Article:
Secret Messages Discovered Inside President Lincoln's Watch
Watchmaker Engraved Message in Watch
In 1861, Jonathan Dillon, an Irish immigrant, was working as a watchmaker in Washington, D.C. He was employed by M. W. Galt and Company, a jewelry store on Pennsylvania Avenue, near the White House. His task was to repair the watch of one of the store's most distinguished customers, President Abraham Lincoln.
While working on the watch, Dillon learned from the shop owner that the Civil War had begun. The first shots had been fired at Fort Sumter. In a state of distress, he opened the watch and engraved a secret message that would remain hidden for many years to come.
Discovery of the Inscription
In 1906, Dillon told the New York Times about the inscription he put inside the watch on the day the Civil War started. The paper ran a small article about it, and aside from the story being handed down within the Dillon family, it was pretty much forgotten. Until Dillon's great-great-grandson, Doug Stiles of Waukegan, Illinois, found the newspaper article and started to investigate. He contacted the Smithsonian's National Museum of American History to whom the watch had been donated. They were not familiar with the rumor of the hidden message.
In March, 2009, the museum asked master watchmaker, George Thomas, to open the Lincoln watch and solve the mystery. With a group of 40 spectators including museum employees, relatives of Jonathan Dillon and members of the press in attendance, the watch was opened. Yes, there was the hidden inscription from 1861.
Due to space limitations, the watchmaker abbreviated Jonathan. He also mistakenly showed the date as April 13, however, the attack on Fort Sumter occurred on April 12.
"Jonathan Dillon April 13-1861 Fort Sumpter [sic] was attacked by the rebels on the above date J Dillon April 13-1861 Washington thank God we have a government Jonth Dillon".— Secret Message Inside President's Lincoln's Watch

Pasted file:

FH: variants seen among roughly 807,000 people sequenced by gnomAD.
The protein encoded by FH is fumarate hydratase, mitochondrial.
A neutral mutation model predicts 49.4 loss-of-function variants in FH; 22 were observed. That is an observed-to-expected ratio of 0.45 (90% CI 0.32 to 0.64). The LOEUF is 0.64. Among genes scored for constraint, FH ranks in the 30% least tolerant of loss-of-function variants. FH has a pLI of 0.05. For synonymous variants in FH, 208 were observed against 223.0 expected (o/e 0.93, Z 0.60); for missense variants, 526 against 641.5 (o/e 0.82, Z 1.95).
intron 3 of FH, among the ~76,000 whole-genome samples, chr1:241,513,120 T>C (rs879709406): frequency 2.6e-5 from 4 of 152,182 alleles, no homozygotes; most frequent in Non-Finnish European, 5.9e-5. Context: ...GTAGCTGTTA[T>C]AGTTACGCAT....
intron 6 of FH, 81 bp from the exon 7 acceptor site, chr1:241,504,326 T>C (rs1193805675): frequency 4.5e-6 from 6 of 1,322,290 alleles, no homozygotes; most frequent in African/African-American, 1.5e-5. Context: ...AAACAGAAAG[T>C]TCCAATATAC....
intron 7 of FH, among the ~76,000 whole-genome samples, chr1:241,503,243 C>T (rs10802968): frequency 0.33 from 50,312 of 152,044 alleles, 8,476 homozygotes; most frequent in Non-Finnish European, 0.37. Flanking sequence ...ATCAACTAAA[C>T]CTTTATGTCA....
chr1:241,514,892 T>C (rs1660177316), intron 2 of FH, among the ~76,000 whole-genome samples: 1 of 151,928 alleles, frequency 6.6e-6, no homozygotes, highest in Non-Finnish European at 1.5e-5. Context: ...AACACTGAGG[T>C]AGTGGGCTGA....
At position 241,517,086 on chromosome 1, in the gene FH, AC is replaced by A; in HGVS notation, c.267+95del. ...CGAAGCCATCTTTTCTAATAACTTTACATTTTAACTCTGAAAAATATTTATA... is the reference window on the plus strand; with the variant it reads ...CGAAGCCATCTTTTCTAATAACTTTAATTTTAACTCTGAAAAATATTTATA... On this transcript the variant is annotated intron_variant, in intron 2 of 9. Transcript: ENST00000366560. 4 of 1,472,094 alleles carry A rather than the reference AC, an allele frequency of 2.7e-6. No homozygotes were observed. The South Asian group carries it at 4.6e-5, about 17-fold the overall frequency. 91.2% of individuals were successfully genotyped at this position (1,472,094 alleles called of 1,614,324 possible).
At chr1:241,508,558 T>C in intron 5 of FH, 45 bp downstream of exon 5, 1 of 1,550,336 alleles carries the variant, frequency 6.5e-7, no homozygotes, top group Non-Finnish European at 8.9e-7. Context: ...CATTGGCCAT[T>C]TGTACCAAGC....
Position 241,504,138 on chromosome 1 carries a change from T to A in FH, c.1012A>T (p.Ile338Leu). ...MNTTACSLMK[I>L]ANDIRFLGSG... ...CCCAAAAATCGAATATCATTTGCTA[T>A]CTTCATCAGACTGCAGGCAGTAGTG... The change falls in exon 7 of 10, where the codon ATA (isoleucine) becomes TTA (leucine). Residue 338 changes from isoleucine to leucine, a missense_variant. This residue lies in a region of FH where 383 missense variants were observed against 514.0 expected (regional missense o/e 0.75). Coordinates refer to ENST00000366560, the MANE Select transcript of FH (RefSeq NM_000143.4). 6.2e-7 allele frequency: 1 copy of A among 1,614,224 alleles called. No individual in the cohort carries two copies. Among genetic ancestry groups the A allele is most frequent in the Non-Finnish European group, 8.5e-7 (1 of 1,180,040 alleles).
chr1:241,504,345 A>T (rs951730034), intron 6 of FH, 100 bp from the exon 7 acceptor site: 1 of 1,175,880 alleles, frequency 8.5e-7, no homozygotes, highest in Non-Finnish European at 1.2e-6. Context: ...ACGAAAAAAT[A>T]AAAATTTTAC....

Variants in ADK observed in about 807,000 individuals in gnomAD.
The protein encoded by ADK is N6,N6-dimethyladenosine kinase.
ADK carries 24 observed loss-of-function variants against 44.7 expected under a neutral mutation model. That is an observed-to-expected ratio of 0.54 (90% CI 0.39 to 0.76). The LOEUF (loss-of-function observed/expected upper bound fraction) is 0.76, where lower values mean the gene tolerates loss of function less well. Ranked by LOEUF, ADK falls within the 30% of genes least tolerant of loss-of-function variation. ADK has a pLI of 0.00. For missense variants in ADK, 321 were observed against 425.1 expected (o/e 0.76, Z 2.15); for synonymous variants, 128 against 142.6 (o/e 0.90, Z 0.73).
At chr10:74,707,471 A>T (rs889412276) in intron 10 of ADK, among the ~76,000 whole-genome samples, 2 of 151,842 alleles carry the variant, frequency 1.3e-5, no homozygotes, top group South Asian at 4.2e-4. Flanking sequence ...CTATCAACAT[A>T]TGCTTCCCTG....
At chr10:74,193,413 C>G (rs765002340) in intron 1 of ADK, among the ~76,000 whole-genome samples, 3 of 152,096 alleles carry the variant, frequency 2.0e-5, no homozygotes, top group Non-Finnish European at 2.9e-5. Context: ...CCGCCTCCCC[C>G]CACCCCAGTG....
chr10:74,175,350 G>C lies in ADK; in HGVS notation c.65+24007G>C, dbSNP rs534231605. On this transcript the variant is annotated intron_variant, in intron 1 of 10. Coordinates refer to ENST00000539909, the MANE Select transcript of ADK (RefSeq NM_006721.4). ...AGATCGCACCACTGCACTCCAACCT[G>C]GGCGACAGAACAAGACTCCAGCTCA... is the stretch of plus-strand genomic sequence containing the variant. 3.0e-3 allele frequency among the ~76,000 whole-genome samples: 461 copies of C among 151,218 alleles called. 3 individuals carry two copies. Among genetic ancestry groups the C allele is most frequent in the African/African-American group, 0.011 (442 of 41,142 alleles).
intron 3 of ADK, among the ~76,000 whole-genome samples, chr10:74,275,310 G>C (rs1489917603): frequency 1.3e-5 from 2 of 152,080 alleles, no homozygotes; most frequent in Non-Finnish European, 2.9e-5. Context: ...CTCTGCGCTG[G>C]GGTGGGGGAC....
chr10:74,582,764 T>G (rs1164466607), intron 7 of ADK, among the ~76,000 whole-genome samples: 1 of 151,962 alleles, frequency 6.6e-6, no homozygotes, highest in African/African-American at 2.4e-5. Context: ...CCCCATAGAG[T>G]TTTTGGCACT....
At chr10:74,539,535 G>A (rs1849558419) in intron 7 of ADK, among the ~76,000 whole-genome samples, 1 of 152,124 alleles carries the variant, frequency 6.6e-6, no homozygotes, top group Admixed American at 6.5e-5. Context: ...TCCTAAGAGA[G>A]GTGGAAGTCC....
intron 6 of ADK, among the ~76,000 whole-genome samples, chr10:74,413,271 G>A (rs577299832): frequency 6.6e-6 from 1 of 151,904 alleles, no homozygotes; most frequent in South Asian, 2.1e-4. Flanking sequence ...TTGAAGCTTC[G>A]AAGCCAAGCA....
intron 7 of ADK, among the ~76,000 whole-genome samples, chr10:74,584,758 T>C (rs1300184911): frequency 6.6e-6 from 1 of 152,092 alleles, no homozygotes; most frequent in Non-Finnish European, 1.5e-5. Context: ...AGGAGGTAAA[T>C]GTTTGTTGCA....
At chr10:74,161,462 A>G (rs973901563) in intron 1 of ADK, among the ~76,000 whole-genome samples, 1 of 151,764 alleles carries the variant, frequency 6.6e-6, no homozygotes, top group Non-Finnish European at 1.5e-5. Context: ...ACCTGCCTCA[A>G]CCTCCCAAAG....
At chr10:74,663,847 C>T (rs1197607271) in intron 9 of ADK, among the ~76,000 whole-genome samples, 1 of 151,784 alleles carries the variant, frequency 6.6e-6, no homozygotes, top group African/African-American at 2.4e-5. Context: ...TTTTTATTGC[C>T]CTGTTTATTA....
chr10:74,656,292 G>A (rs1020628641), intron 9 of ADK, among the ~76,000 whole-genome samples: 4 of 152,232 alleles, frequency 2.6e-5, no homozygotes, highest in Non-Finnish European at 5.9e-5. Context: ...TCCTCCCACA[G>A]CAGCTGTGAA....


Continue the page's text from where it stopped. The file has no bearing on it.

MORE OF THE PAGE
Video of the Opening of the Watch. Video Courtesy of National Museum of American History
Opening the Watch Reveals Another Mystery
Although the investigation cleared up rumors about a message in the watch, there are still unanswered questions. In addition to the inscription noted above, there is also an etching in a different handwriting that shows the name of Jeff Davis (president of the Confederacy) and someone named L. E. Grofs dated 1864 (Lincoln died in 1865). Did Mr. Lincoln have the watch repaired by someone else who was a Southern sympathizer who added Jeff Davis' name as an affront to Lincoln?
History of the Watch
Some historians have said the gold pocket watch was the first one ever owned by Lincoln. It has an18 karat gold case embellished with scrolls and flowers. It was made in the US and the watch movement was manufactured in England. Experts have said a similar watch today would cost at least $5,000. While still an Illinois lawyer, Lincoln bought the watch from George Chatterton Jewelers located on the square in Springfield, Illinois, where he also had purchased an engagement ring for his wife.
The gold vest chain is still attached to the watch, however, the key Mr. Lincoln used to wind the watch daily is missing. Most statues and pictures show the watch chain attached to his vest buttonhole.
Had You Heard About the Secret Message Before?
Did He Know About the Secrets His Watch Held?
It is doubtful that Lincoln ever knew of the secret engravings. He carried it with him throughout his presidency including such special moments in history as the delivery of the Emancipation Proclamation, the Gettysburg Address and perhaps he was wearing it that fateful night at Ford's Theater.
During the watchmaker's examination in the above video, museum curators asked if the watch could be wound so they could hear the ticking sound, just as Abraham Lincoln had heard it. Unfortunately, it was not possible as the mechanism was "frozen" since it had not been wound in so many years.
During the 18th and 19th centuries, watchmakers would place a round piece of paper inside timepieces they worked on to record the nature of the repairs they made. Called "watch papers", they served to assist repairmen with diagnosing future problems.
It was quite unusual that Dillon would scratch a personal message inside a customer's watch, especially one belonging to the President of the United States. It has been said it is human nature to want to communicate with the future. Perhaps that was Jonathan Dillon's intention.
© 2012 Thelma Raker Coffone